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Government News
NIH Tries Moving Findings From Bench to Bedside
Psychiatric News
Volume 42 Number 20 page 6-6

The National Institutes of Health (NIH) has funded a new research initiative, the Interdisciplinary Research Consortia, designed to bring together top scientists from different disciplines to speed up bench-to-bedside progress and create solutions to complex biomedical problems that are "resistant to traditional research approaches." NIH announced the initiative in September.

The consortia are funded by the NIH Roadmap for Medical Research, which supports innovative programs designed to make research more efficient and productive. The interdisciplinary approach attempts to integrate the knowledge and research methods in diverse areas such as basic biological sciences, genomics, proteomics, bioinformatics, biostatistics, chemistry, stem-cell biology, mechanical and tissue engineering, neurology, behavioral research, and social sciences. Through this initiative, NIH hopes to "dissolve departmental boundaries" between its institutes and centers and" change the NIH approach to interdisciplinary research administration," according to the announcement.

The following nine interdisciplinary research consortia will receive a total of $210 million of funding over the next five years:

These consortia will investigate both the basic science and the social and behavioral components in complex problems such as preserving the fertility of women with cancer, engineering new tissue and organs, rapid discovery and design of new drugs, and attacking obesity from many medical and psychosocial fronts. Psychiatric, neurologic, and behavioral research will be heavily represented in these programs, as will genetic research.

The Consortium for Neuropsychiatric Phenomics—Coordinating Center, for example, led by Robert Bilder, Ph.D., a neuropsychologist and professor in the Department of Psychiatry and Behavioral Sciences at the University of California at Los Angeles School of Medicine, plans to "break down artificial boundaries between psychiatric syndromes by studying important brain-relevant phenotypes across different diagnoses, and by combining basic and clinical sciences within the same projects," according to the consortium's statement on its Web site.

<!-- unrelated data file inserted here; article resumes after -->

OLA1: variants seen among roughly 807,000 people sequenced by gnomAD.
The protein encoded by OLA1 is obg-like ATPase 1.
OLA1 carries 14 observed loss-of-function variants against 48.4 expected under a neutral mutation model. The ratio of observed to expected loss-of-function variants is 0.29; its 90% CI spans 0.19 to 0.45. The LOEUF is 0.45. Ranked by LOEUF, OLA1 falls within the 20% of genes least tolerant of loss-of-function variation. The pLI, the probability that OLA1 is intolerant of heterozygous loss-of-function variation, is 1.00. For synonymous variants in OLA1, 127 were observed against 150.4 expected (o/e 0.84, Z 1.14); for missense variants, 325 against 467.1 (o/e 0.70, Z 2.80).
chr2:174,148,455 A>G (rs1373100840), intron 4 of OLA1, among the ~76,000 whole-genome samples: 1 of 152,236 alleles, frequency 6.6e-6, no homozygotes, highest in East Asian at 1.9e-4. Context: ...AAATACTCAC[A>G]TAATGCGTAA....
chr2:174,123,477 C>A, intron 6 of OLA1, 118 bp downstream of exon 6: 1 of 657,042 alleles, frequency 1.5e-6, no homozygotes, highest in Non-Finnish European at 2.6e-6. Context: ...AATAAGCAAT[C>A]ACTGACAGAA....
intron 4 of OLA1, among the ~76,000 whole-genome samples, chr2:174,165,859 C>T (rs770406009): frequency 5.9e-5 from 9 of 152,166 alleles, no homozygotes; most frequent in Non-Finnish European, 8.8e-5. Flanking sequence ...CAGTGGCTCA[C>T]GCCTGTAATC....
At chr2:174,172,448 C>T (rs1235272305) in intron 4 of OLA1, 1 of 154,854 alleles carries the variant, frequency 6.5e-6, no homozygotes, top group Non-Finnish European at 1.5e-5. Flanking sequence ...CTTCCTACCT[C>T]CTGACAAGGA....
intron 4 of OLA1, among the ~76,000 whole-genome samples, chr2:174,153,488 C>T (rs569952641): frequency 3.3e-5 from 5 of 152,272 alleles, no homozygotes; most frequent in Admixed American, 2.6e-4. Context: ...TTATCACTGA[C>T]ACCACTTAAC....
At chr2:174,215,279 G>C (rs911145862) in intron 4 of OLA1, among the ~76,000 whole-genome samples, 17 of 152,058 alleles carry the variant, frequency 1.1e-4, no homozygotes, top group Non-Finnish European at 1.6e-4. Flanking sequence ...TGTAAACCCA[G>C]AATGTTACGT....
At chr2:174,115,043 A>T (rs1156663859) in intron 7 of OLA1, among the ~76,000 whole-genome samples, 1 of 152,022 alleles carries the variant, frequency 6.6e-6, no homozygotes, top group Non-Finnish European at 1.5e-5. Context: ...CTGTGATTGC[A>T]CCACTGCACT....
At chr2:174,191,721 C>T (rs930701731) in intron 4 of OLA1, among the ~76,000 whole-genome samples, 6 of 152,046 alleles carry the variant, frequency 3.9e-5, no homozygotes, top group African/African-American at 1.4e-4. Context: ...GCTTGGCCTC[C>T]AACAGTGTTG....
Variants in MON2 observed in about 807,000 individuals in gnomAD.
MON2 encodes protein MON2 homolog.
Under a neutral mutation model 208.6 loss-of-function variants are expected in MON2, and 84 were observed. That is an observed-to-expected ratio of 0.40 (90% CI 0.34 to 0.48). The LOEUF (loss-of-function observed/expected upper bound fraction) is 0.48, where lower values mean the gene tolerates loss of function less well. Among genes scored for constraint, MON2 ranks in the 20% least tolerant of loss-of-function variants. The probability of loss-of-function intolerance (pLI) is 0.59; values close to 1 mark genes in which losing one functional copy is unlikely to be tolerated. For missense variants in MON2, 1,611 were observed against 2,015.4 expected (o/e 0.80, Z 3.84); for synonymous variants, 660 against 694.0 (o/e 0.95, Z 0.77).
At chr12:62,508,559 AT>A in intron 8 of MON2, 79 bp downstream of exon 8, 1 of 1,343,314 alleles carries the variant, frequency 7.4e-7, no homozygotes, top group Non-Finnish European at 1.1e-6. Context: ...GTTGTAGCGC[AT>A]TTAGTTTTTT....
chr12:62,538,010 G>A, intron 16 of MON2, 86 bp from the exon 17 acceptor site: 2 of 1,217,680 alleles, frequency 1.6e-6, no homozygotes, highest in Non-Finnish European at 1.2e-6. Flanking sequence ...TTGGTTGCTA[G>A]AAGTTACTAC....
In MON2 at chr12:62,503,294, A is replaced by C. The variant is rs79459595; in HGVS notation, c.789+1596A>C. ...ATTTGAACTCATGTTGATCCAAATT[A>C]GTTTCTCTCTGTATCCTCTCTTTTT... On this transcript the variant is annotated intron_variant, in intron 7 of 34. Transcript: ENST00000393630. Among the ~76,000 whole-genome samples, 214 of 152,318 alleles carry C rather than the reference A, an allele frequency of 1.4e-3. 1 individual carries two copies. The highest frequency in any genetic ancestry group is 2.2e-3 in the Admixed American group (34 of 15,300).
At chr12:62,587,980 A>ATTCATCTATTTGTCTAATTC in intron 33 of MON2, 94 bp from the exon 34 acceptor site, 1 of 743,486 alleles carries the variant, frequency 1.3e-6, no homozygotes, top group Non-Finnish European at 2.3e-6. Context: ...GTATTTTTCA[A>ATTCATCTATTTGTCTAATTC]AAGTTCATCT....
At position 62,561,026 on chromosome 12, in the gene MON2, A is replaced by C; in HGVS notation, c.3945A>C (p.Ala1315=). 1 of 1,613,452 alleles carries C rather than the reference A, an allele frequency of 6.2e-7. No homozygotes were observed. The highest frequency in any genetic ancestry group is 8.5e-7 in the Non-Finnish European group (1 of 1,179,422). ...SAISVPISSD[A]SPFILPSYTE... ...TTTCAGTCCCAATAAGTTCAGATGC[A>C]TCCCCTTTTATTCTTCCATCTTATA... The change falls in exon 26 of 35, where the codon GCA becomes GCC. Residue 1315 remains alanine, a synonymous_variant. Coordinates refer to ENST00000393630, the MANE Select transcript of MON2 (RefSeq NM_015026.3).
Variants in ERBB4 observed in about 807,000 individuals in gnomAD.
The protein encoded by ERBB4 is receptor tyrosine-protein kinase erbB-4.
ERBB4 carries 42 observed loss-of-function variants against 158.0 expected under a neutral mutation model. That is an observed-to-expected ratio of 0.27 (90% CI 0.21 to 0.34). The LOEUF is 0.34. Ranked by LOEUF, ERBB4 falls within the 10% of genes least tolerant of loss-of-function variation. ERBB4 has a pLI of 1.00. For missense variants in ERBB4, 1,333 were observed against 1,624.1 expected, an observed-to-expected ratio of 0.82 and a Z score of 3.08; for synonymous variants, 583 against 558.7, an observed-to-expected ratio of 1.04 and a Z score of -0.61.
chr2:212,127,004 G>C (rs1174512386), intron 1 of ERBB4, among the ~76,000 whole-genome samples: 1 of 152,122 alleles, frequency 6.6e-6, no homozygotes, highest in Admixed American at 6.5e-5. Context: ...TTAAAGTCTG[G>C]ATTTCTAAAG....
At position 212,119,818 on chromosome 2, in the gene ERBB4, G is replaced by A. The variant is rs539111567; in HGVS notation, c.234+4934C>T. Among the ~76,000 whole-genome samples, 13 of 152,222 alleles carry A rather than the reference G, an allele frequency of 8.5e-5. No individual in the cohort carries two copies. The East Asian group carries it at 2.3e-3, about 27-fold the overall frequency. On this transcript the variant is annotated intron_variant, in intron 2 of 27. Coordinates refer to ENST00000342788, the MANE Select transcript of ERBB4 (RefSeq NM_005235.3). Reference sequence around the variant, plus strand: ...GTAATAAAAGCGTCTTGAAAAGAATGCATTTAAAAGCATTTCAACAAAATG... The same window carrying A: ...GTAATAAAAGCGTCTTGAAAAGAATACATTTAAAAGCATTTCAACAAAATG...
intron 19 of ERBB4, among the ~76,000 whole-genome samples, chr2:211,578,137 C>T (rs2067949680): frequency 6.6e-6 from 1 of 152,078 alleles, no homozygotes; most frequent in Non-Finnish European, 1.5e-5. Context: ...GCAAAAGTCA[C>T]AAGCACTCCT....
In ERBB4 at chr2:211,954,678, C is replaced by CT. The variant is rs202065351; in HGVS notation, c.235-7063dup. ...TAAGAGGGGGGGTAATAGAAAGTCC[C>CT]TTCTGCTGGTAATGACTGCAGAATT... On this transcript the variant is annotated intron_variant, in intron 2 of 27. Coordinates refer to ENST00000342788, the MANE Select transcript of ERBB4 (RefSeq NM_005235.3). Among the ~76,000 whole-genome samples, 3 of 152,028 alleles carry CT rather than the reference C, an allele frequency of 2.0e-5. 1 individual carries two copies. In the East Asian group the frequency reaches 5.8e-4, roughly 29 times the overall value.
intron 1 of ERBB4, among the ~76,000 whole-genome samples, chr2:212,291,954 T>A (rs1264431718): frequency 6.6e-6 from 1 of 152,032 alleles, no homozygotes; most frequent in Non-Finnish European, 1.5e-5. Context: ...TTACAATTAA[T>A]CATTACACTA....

"From genome to syndrome" is the key concept of a new discipline called phenomics, which requires close collaboration among clinicians, basic-research scientists, and informatics scientists who use computers to make sense of massive amounts of genetic data.

The Neurotherapeutics Research Consortium will conduct animal and human studies to identify neuroprotective agents that will prevent or treat psychiatric complications (such as depression, anxiety, psychosis, cognitive deficits) in fragile X-associated tremor/ataxia syndrome (a genetic neurological disease with similarities to Alzheimer's and Parkinson's disease), according to James Bourgeois, O.D., M.D., co-principal investigator of the consortium and a professor of psychosomatic medicine in the Department of Psychiatry and Behavioral Sciences at the University of California at Davis. He told Psychiatric News that this research will have broad implications for developing treatments for other types of dementia and neurological or genetic disorders with psychiatric features.

The Interdisciplinary Research Consortium on Stress, Self-Control, and Addiction will investigate the "three-way interplay between stress, self-control, and addiction," including the links between stress and various mental disorders. The consortium plans to integrate biological, behavioral, and social-science research to identify the mechanism of stress-related addictive behavior and the mechanism of self-control. The goal is eventually to spur the development of social, behavioral, and pharmacological strategies to increase self-control.

The interdisciplinary research programs included in the Roadmap for Medical Research share a common goal— "to help transform the way research is conducted.. .and enable change in academic research culture," said NIH Director Elias Zerhouni, M.D.

Additional information on NIH interdisciplinary research consortia is posted at<www.ncrr.nih.gov/biomedical_technology/interdisciplinary_research_centers/funded_centers.asp>.

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